- The "So Beautiful and So Dangerous" sequence of the movie Heavy Metal includes a spaceship which dwarfs the Pentagon. It then docks with a space station so big, that the spaceship rattles around in one of its smaller landing bays like a pea in a cereal box.
- There is a rule of thumb in sailing: the larger the yacht, the less it is sailed. The reason is that sailing is manpower intensive activity, and the practical hull length limit for single-handed sailing is 35 ft and that of crew of two being 45 ft. The larger yachts require larger crews, and while a married couple can easily head for the sea for the weekend, it is far more difficult to gather the crew at the same time on the place.
- The Hindenburg ended up as one of these. As a luxury liner and the largest aircraft ever to fly, she had a huge amount of space to begin with- the A deck alone was larger than an entire 747 in floor space, all dedicated to just 100 passengers and crew. She was designed to use non-flammable helium as the lifting gas, but the company had to settle for flammable hydrogen due to an embargo. Coincidentally, this change also meant she had roughly 10% more lift per volume- a sum which, considering the ship's astronomical weight, was nothing to sneeze at. The extra lift was used for the addition of first-class cabins. Its sister the Graf Zeppelin II could carry nearly twice as many passengers.
- The Great Eastern was launched in 1858 and was bigger than any ship built for the next half century. She was a commercial failure in part because there simply wasn't any need for such a huge ship in the 1860s — the main reason for her size was the dearth of coaling stops along the route to Australia, her proposed destination, and she was designed to be able to carry all the coal for her horrendously inefficient engines herself. However between her being laid down and being launched a source of coal was discovered in Australia, rendering her instantly obsolete. Finally the development of transoceanic cables gave the giant ship a purpose, as she could carry an ocean-spanning spool of cable in one trip.
- The Boeing 747 became this for a number of airlines, particularly Braniff International, which was operating flights with the huge planes nearly empty, and was probably a contributor to the airline's eventual collapse.
- Knock Nevis (AKA ''Seavise Giant'', AKA ''Happy Giant'', AKA ''Jahre Viking''), the largest ship ever crossing the Earth's oceans, was a supertanker so enormous that she couldn't even sail through the English Channel due to her 26.4 m draught, and because of her single bottom she was latter banned from entering European ports, making her Awesome, but Impractical. She was later converted into a floating oil tank and was moored near the coast in Saudi Arabia, until finally being scrapped in 2010.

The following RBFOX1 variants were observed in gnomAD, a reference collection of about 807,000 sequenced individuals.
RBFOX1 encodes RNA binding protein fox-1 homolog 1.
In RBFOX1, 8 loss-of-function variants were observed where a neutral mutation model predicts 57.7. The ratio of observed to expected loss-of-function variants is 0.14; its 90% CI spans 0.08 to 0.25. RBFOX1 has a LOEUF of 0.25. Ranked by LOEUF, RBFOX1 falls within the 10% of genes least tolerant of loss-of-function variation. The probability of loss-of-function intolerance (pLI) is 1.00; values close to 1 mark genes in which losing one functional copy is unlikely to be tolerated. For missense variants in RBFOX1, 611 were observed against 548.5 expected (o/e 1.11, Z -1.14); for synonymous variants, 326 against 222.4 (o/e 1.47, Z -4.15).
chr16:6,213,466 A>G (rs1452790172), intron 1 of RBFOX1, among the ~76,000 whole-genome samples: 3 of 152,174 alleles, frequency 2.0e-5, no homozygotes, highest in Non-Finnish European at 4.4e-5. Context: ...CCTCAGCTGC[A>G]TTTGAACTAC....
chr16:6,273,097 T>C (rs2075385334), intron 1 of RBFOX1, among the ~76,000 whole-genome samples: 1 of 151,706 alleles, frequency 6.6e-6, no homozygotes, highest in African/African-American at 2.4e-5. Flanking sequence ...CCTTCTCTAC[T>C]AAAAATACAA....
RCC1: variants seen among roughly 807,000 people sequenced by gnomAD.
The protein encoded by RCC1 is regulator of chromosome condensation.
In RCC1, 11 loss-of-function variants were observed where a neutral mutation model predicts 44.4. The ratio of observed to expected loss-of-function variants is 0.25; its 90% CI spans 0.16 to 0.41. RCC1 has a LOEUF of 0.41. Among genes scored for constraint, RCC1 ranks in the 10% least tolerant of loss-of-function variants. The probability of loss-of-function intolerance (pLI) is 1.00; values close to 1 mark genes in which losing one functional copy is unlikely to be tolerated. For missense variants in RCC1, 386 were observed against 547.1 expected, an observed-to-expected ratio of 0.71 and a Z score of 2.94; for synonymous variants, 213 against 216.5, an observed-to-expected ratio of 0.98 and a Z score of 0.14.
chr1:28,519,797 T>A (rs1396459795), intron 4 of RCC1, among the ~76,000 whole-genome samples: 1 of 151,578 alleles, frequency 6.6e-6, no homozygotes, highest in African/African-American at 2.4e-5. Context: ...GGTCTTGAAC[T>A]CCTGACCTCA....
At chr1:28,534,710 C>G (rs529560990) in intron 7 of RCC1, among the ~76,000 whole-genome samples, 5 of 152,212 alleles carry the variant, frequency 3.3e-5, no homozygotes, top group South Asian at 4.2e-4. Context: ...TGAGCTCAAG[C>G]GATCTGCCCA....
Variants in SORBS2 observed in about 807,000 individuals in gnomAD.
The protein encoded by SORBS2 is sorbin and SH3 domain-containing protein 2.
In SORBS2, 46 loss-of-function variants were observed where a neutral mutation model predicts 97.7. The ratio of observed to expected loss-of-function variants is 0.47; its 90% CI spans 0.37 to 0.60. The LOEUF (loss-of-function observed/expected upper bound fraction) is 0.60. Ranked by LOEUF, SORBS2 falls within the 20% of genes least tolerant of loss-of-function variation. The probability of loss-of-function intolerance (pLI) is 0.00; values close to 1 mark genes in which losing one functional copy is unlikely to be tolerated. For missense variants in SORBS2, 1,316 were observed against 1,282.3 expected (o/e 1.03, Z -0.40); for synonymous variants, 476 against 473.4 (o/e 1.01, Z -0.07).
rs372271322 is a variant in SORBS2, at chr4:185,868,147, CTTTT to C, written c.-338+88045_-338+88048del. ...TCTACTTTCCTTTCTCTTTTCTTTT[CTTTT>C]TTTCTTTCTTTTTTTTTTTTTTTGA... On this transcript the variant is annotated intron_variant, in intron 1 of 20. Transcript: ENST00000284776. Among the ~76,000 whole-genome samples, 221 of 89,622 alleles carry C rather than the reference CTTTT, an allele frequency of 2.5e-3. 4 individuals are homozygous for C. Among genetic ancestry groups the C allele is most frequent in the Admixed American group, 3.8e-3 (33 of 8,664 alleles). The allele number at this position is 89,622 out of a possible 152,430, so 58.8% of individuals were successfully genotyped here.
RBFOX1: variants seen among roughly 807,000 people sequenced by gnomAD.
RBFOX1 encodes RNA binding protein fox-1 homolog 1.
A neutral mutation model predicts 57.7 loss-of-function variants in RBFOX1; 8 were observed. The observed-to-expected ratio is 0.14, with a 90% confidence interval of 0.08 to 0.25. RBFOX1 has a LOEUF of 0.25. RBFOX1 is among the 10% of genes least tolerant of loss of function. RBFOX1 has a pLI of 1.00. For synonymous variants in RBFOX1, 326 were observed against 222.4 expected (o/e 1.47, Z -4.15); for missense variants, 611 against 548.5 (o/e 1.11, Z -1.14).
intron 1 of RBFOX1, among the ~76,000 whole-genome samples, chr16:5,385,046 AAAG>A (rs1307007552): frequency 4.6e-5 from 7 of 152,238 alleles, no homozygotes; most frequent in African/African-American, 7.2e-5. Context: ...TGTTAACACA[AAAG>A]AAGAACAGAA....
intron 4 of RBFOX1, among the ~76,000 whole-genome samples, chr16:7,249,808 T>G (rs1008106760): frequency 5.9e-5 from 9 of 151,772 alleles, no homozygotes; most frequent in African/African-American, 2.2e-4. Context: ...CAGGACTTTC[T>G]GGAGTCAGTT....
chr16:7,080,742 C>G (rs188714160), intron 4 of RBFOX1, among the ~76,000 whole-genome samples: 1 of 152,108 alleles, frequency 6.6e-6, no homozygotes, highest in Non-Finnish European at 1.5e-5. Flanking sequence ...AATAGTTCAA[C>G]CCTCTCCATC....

- Limousines, particularly of the super-stretch variety, tend to invoke this trope intentionally.
- The proposed project to recycle Russia's typhoon-class subs as cargo ships, due to financial difficulties.
- The Japanese battleship Yamato (yes, that one) and her twin sister Musashi. The true embodiment of Awesome, but Impractical, their nine 18.1-inch main battery guns were the largest ever put to sea, but Japan's poor radar-based targeting systems, meant they would much less effective than Allied battleships. Their anti-aircraft guns were too small and again, the lacked of radar-directed, fire control. Furthermore, the ships were so huge that even at slower speeds used enormous quantities of fuel. It was the fuel consumption that ultimately kept them from earlier battles. Yamato and Musashi both ended up fighting in the Battle of the Philippine Sea and the Battle of Leyte Gulf, where Musashi was sunk in a air attack by 19 torpedo strikes and 17 bombs. Yamato did get to engage US warships in combat, albeit small escort carriers and their escorting ships, succeeding in crippling destroyer USS Johnston and escort carriers USS Gambier Bay and USS White Plains and sinking destroyer USS Hoel. Yamato was sunk later in a Suicide Attack, also by aircraft, taking 13 torpedoes and 10 bombs before sinking. The US forces sank her quicker, due to hitting her mostly on one side.
- Their triplet sister, Shinano, was hastily converted to an aircraft carrier during production but remained just as big as her two sister ships. She was sunk a meager 10 days after commissioning by the US sub Archerfish with only 4 torpedoes, ringing the death bell of the idea of super-battleships.